Fossil footprints show humans existed in Americas 23,000 years ago
Scientists reported Thursday that human footprints found in White Sand National Park in New Mexico appear to date back about 23,000 years – making them the oldest known footprints in the Americas.
Why it matters: The finding renews the debate on when humans first spread across the Western Hemisphere.
- Many archaeologists have argued that humans spread across the Americas only at the end of the last Ice Age, pointing to the oldest known tools that date back 13,000 years.
The big picture: The tracks were first spotted in 2009 by David Bustos, a program manager at White Sands National Park. With the help of scientists, a team was able to find thousands of human footprints across 80,000 acres.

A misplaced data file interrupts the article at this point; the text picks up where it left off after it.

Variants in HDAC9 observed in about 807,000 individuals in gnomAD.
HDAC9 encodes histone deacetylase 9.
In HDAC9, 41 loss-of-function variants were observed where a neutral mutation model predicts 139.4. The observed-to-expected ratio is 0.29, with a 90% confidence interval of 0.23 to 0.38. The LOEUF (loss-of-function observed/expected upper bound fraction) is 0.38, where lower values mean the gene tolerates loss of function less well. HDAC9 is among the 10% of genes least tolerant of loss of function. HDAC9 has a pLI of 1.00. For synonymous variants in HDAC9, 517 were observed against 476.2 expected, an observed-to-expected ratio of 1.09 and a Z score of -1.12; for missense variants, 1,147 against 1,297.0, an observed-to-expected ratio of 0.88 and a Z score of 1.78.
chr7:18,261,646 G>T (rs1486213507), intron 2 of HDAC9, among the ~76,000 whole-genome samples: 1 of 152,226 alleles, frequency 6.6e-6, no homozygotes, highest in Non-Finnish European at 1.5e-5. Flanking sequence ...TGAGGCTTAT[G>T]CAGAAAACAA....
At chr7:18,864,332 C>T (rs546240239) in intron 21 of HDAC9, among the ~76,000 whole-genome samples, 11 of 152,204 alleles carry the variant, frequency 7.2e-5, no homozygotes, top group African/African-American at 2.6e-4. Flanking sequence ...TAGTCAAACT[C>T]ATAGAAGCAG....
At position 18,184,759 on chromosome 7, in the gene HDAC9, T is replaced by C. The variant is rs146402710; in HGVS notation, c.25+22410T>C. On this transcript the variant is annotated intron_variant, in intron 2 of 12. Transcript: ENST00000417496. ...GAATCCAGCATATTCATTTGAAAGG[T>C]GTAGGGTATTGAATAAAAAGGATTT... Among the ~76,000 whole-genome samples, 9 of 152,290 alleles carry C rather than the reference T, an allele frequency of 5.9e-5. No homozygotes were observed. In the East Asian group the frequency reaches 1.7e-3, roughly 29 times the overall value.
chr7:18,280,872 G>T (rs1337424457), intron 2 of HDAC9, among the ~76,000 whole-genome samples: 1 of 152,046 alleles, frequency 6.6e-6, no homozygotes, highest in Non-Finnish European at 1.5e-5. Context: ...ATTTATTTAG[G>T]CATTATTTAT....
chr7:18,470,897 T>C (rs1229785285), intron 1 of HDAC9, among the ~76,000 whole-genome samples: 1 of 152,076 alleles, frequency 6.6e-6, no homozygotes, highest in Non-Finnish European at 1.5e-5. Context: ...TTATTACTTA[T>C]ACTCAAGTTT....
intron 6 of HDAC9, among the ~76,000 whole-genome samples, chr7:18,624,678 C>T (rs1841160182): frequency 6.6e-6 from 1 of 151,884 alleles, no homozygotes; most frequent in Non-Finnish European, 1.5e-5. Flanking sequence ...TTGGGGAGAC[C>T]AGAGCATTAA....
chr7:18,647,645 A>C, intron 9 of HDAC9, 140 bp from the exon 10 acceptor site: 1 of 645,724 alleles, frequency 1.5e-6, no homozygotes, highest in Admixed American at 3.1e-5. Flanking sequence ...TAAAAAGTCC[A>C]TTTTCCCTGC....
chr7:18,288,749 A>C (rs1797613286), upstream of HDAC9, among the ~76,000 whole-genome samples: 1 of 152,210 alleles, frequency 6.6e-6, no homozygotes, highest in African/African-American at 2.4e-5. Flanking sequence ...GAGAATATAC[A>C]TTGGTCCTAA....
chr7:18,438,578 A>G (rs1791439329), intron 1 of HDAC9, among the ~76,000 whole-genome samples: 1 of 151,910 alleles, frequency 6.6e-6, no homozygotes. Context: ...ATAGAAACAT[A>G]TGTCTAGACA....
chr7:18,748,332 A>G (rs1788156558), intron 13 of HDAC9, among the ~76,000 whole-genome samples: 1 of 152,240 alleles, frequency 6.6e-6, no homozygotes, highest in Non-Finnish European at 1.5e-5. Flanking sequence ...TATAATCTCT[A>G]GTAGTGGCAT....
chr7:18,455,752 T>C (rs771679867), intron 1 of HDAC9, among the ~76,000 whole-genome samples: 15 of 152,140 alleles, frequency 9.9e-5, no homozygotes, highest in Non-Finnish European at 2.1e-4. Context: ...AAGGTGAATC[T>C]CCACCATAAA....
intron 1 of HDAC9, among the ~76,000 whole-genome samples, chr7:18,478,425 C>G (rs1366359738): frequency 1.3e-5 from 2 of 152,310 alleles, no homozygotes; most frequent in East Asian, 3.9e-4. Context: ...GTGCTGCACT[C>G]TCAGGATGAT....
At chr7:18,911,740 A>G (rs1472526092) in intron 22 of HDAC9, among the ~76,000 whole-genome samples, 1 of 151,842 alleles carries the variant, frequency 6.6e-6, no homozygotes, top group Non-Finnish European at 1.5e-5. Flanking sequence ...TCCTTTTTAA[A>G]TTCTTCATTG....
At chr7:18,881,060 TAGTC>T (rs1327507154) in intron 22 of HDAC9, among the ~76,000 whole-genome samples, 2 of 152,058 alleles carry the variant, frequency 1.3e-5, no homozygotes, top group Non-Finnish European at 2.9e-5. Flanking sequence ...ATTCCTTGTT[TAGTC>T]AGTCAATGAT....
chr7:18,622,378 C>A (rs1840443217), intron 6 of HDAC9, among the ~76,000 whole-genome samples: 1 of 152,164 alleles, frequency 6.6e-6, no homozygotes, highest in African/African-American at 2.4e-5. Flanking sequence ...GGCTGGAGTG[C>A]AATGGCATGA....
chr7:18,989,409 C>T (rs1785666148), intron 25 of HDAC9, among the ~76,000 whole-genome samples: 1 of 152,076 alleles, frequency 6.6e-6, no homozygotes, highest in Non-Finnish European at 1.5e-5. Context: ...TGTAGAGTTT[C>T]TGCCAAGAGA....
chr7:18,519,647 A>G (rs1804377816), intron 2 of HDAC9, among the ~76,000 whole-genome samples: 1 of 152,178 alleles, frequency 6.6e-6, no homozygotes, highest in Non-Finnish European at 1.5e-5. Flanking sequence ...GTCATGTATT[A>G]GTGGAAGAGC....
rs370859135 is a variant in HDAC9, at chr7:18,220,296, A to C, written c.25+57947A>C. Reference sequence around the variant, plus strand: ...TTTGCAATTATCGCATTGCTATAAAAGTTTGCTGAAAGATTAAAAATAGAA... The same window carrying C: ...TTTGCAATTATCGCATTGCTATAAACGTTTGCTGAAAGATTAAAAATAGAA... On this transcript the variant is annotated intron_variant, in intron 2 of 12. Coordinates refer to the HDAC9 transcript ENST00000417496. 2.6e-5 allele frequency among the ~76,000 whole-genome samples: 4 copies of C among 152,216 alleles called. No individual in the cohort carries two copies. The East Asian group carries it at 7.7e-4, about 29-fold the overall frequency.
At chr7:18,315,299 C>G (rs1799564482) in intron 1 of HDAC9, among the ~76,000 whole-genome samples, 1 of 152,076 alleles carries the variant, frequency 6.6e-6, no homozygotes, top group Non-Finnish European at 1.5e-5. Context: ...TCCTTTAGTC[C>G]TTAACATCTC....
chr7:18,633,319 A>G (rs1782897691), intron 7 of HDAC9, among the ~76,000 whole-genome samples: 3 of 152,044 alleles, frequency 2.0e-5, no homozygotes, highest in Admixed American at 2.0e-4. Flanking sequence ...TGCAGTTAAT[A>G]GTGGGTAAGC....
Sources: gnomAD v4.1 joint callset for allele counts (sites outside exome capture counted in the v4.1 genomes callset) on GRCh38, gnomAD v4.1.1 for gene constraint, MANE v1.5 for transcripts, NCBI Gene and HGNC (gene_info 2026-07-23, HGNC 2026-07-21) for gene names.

- The footprints are intermingled with the tracks of animals such as mammoths, giant sloths, dire wolves and camels.
What they're saying: “This is a bombshell,” said Ruth Gruhn, an archaeologist at the University of Alberta who was not involved in the study, per the New York Times. “On the face of it, it’s very hard to disprove.”
- “I think this is probably the biggest discovery about the peopling of America in a hundred years,” said Ciprian Ardelean, an archaeologist at Autonomous University of Zacatecas in Mexico who was not involved in the work, per the New York Times. “I don’t know what gods they prayed to, but this is a dream find.”